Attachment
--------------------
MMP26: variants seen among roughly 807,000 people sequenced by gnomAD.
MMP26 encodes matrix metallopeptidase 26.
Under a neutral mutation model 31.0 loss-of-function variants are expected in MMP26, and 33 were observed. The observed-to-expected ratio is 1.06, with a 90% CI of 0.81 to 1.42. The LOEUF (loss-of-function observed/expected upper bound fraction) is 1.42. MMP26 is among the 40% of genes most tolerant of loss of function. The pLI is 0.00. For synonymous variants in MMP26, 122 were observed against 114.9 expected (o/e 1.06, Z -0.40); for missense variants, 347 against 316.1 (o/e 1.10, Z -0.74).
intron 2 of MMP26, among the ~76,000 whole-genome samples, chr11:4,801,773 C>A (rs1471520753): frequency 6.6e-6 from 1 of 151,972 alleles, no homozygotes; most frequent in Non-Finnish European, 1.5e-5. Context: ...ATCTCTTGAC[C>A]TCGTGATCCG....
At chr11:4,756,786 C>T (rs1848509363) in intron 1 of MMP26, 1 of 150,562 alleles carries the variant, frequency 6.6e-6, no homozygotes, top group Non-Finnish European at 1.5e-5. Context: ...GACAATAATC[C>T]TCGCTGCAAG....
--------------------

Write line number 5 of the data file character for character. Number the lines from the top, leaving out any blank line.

At chr11:4,756,786 C>T (rs1848509363) in intron 1 of MMP26, 1 of 150,562 alleles carries the variant, frequency 6.6e-6, no homozygotes, top group Non-Finnish European at 1.5e-5. Context: ...GACAATAATC[C>T]TCGCTGCAAG....